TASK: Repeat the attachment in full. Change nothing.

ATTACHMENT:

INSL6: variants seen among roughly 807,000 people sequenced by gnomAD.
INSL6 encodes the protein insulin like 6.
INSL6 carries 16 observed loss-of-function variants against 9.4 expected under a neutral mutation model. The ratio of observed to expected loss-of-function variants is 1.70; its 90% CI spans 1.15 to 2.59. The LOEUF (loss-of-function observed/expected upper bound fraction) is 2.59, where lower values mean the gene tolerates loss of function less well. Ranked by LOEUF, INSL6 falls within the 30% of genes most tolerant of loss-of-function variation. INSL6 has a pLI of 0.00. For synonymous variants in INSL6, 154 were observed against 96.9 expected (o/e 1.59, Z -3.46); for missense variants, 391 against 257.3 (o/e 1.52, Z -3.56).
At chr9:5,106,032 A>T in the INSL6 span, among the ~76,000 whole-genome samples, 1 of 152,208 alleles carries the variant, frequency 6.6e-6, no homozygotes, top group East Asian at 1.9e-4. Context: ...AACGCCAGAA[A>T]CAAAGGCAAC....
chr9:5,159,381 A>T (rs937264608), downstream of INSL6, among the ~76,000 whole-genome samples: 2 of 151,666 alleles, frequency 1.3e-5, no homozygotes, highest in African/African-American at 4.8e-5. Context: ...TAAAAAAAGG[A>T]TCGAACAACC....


INSL6: variants seen among roughly 807,000 people sequenced by gnomAD.
INSL6 encodes the protein insulin like 6.
INSL6 carries 16 observed loss-of-function variants against 9.4 expected under a neutral mutation model. The ratio of observed to expected loss-of-function variants is 1.70; its 90% CI spans 1.15 to 2.59. The LOEUF (loss-of-function observed/expected upper bound fraction) is 2.59, where lower values mean the gene tolerates loss of function less well. Ranked by LOEUF, INSL6 falls within the 30% of genes most tolerant of loss-of-function variation. INSL6 has a pLI of 0.00. For synonymous variants in INSL6, 154 were observed against 96.9 expected (o/e 1.59, Z -3.46); for missense variants, 391 against 257.3 (o/e 1.52, Z -3.56).
At chr9:5,106,032 A>T in the INSL6 span, among the ~76,000 whole-genome samples, 1 of 152,208 alleles carries the variant, frequency 6.6e-6, no homozygotes, top group East Asian at 1.9e-4. Context: ...AACGCCAGAA[A>T]CAAAGGCAAC....
chr9:5,159,381 A>T (rs937264608), downstream of INSL6, among the ~76,000 whole-genome samples: 2 of 151,666 alleles, frequency 1.3e-5, no homozygotes, highest in African/African-American at 4.8e-5. Context: ...TAAAAAAAGG[A>T]TCGAACAACC....